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The Places That Scare You: A Guide to Fearlessness in Difficult Times

4.16  ·  Rating details ·  18,554 ratings  ·  756 reviews
We always have a choice, Pema Chodron teaches: We can let the circumstances of our lives harden us and make us increasingly resentful and afraid, or we can let them soften us and make us kinder. Here Pema provides the tools to deal with the problems and difficulties that life throws our way. This wisdom is always available to us, she teaches, but we usually block it with h ...more
Paperback, 187 pages
Published March 27th 2007 by Shambhala (first published 2001)
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Sep 13, 2008 rated it it was amazing
Shelves: non-fiction, adult
As I was brushing my teeth this morning after finishing this book, this line came into my head:

When I find myself of times of trouble, Pema Chodron calls to me, speaking words of wisdom: Let it be...

Corny, huh? Totally true. I read When Things Fall Apart over a year ago when I was going through a really rough time, and when I hit a serious road block nearly two months ago, I picked this'n up. In similar fashion with my reading habits of late, I only just finished this wonderful morsel. I won't b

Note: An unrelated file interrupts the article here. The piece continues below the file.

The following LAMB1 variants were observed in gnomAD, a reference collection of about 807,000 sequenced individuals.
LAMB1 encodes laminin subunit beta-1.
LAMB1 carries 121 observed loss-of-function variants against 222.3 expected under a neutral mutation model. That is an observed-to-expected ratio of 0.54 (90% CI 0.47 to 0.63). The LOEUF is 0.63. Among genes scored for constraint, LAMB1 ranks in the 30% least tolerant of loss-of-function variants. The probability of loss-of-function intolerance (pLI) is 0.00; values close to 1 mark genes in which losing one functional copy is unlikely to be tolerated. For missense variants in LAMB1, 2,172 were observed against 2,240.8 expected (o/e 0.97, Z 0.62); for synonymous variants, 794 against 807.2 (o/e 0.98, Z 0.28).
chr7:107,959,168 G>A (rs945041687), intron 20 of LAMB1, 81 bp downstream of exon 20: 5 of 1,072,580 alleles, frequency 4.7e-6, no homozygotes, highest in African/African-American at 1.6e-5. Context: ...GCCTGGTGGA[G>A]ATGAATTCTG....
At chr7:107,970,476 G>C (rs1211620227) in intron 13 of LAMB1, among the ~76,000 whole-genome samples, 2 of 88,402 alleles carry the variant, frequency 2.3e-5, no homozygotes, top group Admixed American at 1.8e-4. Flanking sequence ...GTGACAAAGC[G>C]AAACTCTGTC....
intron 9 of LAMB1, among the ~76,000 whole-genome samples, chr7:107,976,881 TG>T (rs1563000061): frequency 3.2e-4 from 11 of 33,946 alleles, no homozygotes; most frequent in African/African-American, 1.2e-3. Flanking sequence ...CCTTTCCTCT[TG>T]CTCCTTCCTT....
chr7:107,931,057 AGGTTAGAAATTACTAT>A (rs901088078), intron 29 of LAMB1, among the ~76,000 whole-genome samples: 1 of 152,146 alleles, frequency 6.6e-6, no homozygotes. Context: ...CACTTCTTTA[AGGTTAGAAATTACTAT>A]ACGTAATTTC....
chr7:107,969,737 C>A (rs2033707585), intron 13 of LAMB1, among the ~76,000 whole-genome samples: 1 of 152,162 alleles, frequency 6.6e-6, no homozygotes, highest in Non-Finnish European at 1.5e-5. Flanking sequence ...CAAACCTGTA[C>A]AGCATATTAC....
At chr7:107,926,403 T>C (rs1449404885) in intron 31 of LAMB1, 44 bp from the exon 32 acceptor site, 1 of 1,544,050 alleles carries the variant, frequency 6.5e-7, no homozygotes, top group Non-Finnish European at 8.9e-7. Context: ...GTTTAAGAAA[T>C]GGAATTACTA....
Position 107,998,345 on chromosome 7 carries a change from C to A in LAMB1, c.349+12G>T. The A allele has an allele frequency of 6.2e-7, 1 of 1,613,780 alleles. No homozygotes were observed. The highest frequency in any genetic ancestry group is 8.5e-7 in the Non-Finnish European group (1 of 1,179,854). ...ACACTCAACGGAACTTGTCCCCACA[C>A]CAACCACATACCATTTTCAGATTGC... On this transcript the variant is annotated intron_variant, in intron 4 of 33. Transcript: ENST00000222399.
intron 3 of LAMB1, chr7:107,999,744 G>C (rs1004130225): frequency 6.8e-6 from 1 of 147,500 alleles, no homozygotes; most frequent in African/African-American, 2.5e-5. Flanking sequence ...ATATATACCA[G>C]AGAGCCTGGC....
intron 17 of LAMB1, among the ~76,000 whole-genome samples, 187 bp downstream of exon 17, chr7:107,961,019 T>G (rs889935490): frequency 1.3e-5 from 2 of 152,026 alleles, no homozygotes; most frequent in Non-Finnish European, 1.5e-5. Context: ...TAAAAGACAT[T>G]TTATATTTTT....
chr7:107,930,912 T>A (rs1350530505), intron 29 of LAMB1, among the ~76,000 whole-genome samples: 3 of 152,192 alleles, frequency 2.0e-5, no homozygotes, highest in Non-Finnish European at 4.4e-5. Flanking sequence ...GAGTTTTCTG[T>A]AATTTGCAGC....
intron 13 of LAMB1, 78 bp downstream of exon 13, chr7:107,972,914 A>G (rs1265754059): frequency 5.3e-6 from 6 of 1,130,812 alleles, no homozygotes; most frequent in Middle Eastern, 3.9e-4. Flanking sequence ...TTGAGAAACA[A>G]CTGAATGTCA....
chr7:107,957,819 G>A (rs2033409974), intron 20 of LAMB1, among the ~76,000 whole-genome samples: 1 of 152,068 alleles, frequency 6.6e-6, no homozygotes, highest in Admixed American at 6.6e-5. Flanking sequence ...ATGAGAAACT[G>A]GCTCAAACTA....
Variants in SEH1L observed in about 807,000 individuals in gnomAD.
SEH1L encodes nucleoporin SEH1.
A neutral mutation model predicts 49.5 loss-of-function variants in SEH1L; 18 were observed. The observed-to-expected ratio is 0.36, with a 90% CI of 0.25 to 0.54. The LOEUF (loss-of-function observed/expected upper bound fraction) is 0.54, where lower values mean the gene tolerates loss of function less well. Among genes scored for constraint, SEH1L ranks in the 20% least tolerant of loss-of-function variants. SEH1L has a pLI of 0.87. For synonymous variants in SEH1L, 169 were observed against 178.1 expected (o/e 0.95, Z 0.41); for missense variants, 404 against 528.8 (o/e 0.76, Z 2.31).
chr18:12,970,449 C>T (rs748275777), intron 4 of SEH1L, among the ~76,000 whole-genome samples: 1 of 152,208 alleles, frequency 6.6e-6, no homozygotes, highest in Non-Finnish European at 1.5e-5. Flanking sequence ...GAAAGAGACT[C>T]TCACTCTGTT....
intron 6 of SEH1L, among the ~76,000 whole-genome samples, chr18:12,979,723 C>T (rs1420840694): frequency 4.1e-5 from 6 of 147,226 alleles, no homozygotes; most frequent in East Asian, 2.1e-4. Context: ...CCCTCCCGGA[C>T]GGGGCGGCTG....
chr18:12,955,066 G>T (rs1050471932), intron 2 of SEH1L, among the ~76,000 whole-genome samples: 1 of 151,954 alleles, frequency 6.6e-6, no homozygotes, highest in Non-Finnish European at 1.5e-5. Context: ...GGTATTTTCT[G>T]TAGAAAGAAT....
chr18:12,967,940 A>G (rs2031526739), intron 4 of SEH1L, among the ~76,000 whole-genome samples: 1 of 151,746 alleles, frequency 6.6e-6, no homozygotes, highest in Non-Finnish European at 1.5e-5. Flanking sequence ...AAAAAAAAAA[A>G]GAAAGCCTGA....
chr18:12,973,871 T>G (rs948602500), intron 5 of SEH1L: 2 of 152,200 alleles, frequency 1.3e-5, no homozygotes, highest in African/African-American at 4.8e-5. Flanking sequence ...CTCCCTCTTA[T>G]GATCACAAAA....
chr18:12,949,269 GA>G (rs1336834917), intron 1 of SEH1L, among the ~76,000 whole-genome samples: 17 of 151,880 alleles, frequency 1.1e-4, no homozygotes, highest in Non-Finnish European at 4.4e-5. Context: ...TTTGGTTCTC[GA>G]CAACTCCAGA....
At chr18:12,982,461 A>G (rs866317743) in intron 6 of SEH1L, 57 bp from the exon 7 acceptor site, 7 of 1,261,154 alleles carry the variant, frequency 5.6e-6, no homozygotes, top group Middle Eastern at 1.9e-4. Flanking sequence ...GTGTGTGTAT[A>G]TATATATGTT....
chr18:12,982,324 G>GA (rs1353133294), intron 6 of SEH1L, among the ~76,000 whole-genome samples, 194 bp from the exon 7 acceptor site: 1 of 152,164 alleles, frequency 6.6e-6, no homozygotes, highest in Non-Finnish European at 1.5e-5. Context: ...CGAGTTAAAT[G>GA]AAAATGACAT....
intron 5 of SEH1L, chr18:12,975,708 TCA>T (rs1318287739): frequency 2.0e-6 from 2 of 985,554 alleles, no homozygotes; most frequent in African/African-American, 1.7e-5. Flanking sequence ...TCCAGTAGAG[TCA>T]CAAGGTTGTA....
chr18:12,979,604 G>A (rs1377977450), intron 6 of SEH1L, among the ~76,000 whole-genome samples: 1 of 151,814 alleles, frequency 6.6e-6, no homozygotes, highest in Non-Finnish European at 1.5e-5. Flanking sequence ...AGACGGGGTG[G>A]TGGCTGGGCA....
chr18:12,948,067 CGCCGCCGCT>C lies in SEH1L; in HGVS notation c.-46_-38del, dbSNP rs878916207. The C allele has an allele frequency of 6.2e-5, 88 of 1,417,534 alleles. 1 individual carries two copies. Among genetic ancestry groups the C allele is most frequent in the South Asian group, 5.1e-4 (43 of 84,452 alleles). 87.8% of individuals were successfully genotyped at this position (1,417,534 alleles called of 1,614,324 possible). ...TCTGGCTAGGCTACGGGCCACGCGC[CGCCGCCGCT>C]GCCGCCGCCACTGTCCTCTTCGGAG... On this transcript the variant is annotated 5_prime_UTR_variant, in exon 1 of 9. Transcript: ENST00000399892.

Jun 06, 2009 rated it it was amazing
I was at B&N looking for some other book when I mistakenly picked up this one so I placed it back on the shelf and thought nothing of it. The next day I went back to B&N to purchase a different book and I accidently pick this same book up AGAIN. SO I placed it back on the shelf (the top shelf) and continued looking. Then out of nowhere the books from the top shelf fell on my head. When I looked at the pile they were all books by Pema Chodron. So, I began picking them up and when I looked at the ...more